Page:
Syncros Tailor Cage HV 1.5
Blister’s Measured Weight: 336 g
- 2, 2.5, 3, 4, 5 mm Hex Wrenches
- 8mm Hex Wrench via detachable bit
- T10, T25 Torx Wrenches
- Flat and Phillips Screwdrivers
- Chain Tool
- Square and Splined Spoke Wrenches
Bolted to: Evil The Following, Trek Remedy 9 RSL
Test Location: Montana, Utah, British Columbia
Test Duration: ~4 Months
I avoid wearing a backpack whenever possible. They’re hot, and I don’t really like riding in one. So I’m a fan of water bottles. And given the lack of a pack, I pretty frequently end up riding with a multi-tool and a small pump in my pocket.
The Tailor Cage makes riding without a pack a bit easier, incorporating a bunch of tools and a mini-pump into a bottle cage. The Tailor Cage is offered in a few different options, including one without a pump, one with a more traditional pump, and the HV 1.5 I tested.
The HV 1.5 version has a high-volume pump that works better for mountain bikes, and the head is attached to a short, retractable hose that makes it a lot easier to avoid torquing the valve stem while pumping.
The pump worked nicely for me on the few occasions where I needed it, and the hex wrenches are long enough to work on recessed areas like Sram’s derailleur mounting bolts. Of course, that length also means that they’re tricky to squeeze into some brake lever reach adjustment screws.
And the bottle cage itself worked well — I never lost a bottle, even on super rough descents.
The tools aren’t super high quality, but for basic trailside repairs, they get the job done just fine.
Really, there are three main downsides with this system, none of which I see as deal breakers. First, there’s no 6 mm wrench on the tool. That’s an increasingly uncommon bolt size these days, but lots of pedals and some suspension linkages use 6 mm bolts. I’d happily forego the T10 wrench (since I’m generally not doing trailside brake bleeds) in favor of a 6 mm.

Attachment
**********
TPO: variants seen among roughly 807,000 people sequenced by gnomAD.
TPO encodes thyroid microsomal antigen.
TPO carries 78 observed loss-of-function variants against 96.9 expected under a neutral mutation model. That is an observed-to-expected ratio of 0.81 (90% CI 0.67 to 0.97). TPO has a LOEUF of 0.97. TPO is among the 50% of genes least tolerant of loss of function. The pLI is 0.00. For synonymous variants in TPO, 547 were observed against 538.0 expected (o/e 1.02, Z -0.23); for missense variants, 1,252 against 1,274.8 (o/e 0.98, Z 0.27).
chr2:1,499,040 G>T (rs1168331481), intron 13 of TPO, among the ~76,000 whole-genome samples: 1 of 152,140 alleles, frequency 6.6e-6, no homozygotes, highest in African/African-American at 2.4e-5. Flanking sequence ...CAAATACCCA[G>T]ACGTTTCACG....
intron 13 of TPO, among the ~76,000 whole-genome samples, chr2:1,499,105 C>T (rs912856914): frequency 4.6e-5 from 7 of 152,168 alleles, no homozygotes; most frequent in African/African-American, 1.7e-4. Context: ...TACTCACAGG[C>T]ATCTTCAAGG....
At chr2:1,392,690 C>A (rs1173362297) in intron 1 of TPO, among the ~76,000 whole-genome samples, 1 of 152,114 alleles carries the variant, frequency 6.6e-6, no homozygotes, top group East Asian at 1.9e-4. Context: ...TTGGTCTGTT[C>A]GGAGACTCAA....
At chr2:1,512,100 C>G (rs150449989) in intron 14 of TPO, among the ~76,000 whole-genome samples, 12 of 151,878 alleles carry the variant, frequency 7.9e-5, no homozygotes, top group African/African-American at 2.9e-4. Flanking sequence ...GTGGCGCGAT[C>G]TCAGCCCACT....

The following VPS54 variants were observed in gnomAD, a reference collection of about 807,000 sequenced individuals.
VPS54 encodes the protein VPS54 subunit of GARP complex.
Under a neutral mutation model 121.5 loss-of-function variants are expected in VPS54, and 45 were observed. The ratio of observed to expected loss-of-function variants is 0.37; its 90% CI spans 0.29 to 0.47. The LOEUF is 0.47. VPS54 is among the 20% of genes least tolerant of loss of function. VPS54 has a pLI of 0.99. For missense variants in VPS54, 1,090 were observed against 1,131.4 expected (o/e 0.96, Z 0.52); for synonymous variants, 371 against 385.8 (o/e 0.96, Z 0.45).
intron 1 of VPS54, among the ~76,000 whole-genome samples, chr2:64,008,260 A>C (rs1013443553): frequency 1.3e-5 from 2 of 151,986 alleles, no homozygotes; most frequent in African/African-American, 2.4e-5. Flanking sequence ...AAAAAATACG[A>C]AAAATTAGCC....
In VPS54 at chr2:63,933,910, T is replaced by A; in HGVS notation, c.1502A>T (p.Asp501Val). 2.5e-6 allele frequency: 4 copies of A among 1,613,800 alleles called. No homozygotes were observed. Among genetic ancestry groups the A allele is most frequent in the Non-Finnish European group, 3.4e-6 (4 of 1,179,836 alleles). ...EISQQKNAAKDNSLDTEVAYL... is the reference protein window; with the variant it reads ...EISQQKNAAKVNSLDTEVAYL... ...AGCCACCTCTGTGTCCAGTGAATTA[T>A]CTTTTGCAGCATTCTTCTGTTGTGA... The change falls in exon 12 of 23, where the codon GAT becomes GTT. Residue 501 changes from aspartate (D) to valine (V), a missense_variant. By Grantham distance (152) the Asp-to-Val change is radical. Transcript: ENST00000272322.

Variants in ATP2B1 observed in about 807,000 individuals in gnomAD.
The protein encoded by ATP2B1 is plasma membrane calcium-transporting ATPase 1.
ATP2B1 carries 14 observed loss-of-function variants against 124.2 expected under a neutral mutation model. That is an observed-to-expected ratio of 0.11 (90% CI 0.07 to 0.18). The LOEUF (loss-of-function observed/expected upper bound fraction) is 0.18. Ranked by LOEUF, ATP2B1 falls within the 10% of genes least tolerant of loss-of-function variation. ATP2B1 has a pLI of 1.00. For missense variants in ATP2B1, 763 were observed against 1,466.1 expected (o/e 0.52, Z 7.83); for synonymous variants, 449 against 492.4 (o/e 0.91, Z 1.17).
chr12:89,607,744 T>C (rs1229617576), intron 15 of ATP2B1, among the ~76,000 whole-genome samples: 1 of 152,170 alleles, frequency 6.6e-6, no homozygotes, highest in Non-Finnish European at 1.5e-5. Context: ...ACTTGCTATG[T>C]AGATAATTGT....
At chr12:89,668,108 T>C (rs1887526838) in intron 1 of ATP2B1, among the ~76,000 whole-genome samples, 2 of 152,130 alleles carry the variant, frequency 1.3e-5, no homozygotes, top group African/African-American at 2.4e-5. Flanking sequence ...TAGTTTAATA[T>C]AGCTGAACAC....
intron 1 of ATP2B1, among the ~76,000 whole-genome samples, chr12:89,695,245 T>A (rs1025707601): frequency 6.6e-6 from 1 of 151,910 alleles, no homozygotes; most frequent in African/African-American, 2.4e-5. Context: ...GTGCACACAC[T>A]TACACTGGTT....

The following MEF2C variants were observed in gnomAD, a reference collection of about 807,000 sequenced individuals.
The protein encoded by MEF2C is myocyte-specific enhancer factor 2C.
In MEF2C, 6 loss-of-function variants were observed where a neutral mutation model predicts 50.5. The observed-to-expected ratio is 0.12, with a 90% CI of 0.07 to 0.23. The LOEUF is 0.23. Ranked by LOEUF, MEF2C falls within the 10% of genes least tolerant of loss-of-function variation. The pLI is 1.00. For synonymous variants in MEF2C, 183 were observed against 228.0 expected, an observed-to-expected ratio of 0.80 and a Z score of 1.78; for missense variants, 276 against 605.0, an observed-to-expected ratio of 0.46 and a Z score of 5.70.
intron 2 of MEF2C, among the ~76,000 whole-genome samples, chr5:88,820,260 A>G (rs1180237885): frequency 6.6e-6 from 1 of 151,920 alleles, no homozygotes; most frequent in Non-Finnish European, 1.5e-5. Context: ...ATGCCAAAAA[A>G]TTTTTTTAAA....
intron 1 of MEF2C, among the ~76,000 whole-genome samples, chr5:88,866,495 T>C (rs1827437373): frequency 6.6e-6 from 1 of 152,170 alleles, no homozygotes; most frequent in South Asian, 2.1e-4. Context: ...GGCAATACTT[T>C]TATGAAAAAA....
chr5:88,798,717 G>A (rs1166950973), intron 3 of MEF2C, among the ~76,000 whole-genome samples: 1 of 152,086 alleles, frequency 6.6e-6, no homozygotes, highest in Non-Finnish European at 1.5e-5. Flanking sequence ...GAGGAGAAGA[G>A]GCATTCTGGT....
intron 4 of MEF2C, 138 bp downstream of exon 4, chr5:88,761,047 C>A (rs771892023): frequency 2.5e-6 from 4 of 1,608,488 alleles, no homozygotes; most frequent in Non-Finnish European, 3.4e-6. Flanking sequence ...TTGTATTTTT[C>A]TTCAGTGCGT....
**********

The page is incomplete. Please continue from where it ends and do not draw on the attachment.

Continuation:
The second issue is that there aren’t any tire levers. It seems like it’d be pretty easy to incorporate some levers that clipped on to the side of the cage. Instead, I’ve just been wrapping a couple levers into a spare tube that I keep strapped under my seat.
The third, possibly more significant issue, is just that the cage necessarily takes up more space than a traditional bottle cage. To fit the tool, the cage sits about 10-15 mm higher than a “normal” cage. The cage does have three mounting points, so you can shift it forward or backward a bit. But if your front triangle is already tight, it might be a squeeze to fit the Tailor Cage in there with a full-sized bottle.
There are a bunch of companies producing clever ways to carry tools on your bike, and some companies like Specialized are actually incorporating those features into their frames. The Tailor Cage accomplishes more or less the same thing via a pretty clean-looking bottle mount that will work with most bikes. There are a couple areas where I can see room for improvement, but they’re pretty minor. And what matters most to me is that the Tailor Cage lets me go for a ride without having to worry about stuffing my pockets with tools, which is fantastic.